Over the course of the last couple of years, Apache Spark has enjoyed explosive growth in both usage and mind share. These days, any self-respecting big data offering is obliged to either connect to or make use of it.
Now comes the hard part: Turning Spark into a commodity. More than that, it has to live up to its promise of being the most convenient, versatile, and fast-moving data processing framework around.
There are two obvious ways to do that in this cloud-centric world: Host Spark as a service or build connectivity to Spark into an existing service. Several such approaches were unveiled this week at Spark Summit 2016, and they say as much about the companies offering them as they do Spark's meteoric ascent
Microsoft has pinned a growing share of its future on the success of Azure, and in turn on the success of Azure's roster of big data tools. Therefore, Spark has been made a first-class citizen in Power BI, Azure HDInsight, and the Azure-hosted R Server.
Power BI is Microsoft's attempt -- emphasis on "attempt" -- at creating a Tableau-like data visualization service, while Azure HDInsight is an Azure-hosted Hadoop/R/HBase/Storm-as-a-service offering. For tools like those, the lack of Spark support is like a bike without pedals.
Microsoft is also rolling the dice on a bleeding-edge Spark feature, the recently revamped Structured Streaming component that allows its data to stream directly into Power BI. Structured Streaming is not only a significant upgrade to Spark's streaming framework, it is a competitor to other data streaming technologies (such as Apache Storm). So far it's relatively unproven in production, and already faces competition from the likes of Project Apex.
This is more a reflection of Microsoft's confidence in Spark generally than in Structured Streaming specifically. The sheer amount of momentum around Spark ought to ensure that any issues with Structured Streaming are ironed out in time -- whether or not Microsoft contributes any direct work to such a project.
IBM's bet on Spark has been nothing short of massive. Not only has Big Blue re-engineered some of its existing data apps with Spark as the engine, it's made Spark a first-class citizen on its Bluemix PaaS and will be adding its SystemML machine learning algorithms to Spark as open source. This is all part of IBM's strategy to shed its mainframe-to-PC era legacy and become a cloud, analytics, and cognitive services giant.
Until now, IBM has leveraged Spark by making it a component of already established services -- e.g., Bluemix. IBM's next step, though, will be to provide Spark and a slew of related tools in an environment that is more free-form and interactive: the IBM Data Science Experence. It's essentially an online data IDE, where a user can interactively manipulate data and code -- Spark for analytics, Python/Scala/R for programming -- add in data sources from Bluemix, and publish the results for others to examine.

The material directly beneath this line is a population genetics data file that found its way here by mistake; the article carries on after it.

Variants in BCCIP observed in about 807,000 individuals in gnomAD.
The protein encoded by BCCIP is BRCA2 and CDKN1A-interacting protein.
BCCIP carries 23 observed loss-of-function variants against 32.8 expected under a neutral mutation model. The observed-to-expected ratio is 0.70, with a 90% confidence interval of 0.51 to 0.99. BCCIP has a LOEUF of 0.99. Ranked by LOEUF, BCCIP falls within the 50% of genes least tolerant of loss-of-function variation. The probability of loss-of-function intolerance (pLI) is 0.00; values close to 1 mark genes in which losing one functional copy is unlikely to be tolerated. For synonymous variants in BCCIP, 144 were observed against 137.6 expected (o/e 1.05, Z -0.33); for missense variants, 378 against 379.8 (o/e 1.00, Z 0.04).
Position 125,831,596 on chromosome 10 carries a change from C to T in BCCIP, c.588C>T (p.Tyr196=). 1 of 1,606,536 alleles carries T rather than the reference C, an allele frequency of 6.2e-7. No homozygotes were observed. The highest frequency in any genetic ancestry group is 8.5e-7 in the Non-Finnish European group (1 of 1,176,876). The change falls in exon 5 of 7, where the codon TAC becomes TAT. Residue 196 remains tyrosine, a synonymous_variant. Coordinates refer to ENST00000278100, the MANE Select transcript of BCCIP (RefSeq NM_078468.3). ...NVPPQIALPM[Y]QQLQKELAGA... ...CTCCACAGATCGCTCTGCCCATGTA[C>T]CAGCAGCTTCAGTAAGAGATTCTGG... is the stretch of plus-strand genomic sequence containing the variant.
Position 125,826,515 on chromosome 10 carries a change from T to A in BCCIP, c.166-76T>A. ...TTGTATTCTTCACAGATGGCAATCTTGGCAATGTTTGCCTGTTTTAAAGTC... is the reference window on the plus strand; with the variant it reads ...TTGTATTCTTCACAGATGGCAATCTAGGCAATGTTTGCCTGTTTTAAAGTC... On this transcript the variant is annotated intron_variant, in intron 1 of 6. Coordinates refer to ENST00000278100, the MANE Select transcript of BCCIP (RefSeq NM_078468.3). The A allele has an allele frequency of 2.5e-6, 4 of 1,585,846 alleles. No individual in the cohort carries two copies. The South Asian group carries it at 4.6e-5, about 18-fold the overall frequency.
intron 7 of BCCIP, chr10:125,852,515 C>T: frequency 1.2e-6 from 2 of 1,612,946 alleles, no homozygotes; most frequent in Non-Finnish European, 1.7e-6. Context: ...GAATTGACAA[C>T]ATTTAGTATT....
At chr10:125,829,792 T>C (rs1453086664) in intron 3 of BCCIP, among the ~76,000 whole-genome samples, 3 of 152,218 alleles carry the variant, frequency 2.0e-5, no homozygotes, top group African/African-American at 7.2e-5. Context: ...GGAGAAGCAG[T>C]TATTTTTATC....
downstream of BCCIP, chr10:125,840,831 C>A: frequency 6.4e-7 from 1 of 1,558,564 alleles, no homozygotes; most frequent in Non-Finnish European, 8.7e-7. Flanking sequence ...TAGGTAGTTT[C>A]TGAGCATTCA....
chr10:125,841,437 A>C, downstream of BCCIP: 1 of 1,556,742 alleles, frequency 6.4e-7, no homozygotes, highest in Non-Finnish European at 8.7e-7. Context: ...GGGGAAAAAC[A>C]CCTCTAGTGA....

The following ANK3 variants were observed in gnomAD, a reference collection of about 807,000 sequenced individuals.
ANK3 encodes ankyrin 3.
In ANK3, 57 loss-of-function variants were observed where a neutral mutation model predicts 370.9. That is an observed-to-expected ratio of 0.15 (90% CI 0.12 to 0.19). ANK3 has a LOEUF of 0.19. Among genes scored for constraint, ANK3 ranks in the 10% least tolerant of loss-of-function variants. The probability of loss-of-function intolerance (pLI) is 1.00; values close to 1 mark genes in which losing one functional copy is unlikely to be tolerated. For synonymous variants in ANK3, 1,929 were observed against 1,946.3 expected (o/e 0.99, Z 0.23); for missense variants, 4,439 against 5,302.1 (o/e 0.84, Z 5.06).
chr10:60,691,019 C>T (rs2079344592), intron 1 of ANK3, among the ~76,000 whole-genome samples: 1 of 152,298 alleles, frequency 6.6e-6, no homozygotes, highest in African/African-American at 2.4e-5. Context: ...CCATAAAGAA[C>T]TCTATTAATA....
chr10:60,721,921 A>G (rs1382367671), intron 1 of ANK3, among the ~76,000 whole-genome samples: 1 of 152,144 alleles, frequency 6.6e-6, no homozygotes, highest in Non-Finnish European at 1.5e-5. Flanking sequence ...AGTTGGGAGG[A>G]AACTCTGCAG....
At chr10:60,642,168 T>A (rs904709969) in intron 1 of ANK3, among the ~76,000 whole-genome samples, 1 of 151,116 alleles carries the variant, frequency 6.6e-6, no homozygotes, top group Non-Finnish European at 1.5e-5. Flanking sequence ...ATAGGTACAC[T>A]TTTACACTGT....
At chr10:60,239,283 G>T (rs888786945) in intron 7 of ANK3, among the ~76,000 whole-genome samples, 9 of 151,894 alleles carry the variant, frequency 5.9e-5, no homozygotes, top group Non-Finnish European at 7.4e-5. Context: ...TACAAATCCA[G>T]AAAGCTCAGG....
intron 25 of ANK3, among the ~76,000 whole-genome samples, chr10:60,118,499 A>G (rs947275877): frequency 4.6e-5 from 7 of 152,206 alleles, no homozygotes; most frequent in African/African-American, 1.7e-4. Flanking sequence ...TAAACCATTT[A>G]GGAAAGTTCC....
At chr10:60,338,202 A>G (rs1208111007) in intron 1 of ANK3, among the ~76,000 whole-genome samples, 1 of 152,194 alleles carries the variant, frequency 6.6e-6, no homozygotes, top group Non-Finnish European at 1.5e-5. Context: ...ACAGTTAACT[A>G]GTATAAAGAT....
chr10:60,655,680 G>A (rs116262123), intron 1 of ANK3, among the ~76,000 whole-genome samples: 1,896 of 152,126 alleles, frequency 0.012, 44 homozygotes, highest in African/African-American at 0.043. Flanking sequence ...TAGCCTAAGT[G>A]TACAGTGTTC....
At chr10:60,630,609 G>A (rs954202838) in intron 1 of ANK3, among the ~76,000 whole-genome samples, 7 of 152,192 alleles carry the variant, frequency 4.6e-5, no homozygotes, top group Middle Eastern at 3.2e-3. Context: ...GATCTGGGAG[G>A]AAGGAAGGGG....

If this sounds a lot like Jupyter for Python, that is one of the metaphors IBM had in mind -- and in fact, Jupyter notebooks are a supported format. What's new is that IBM is trying to expose Spark (and the rest of its service mix) in a way that complements Spark's vaunted qualities -- its overall ease of use and lowering of the threshold of entry for prospective data scientists.
Cloud data warehouse startup Snowflake is making Spark a standard-issue component as well. Its original mission was to provide analytics and data warehousing that spared the user from the hassle of micromanaging setup and management. Now, it's giving Spark the same treatment: Skip the setup hassles and enjoy a self-managing data repository that can serve as a target for, or recipient of, Spark processing. Data can be streamed into Snowflake by way of Spark or extracted from Snowflake and processed by Spark.
Spark lets Snowflake users interact with their data in the form of a software library rather than a specification like SQL. This plays to Snowflake's biggest selling point -- automated management of scaling data infrastructure -- rather than merely providing another black-box SQL engine.
With Databricks, the commercial outfit that spearheads Spark development and offers its own hosted platform, the question has always been how it can distinguish itself from other platforms where Spark is a standard-issue element. The current strategy: Hook 'em with convenience, then sell 'em on sophistication.
Thus, Databricks recently rolled out the Community Edition, a free tier for those who want to get to know Spark but don't want to monkey around with provisioning clusters or tracking down a practice data set. Community Edition provides a 6GB microcluster (it times out after a certain period of inactivity), a notebook-style interface, and several sample data sets.
Once people feel like they have a leg up on Spark's workings, they can graduate to the paid version and continue using whatever data they've already migrated into it. In that sense, Databricks is attempting to capture an entry-level audience -- a pool of users likely to grow with Spark's popularity. But the hard part, again, is fending off competition. And as Spark is open source, it's inherently easier for someone with far more scale and a far greater existing customer base to take all that away.
If there's one consistent theme among these moves, especially as Spark 2.0 looms, it's that convenience matters. Spark caught on because it made working with gobs of data far less ornery than the MapReduce systems of yore. The platforms that offer Spark as a service all have to assume their mission is twofold: Realize Spark's promise of convenience in new ways -- and assume someone else is also trying to do the same, only better.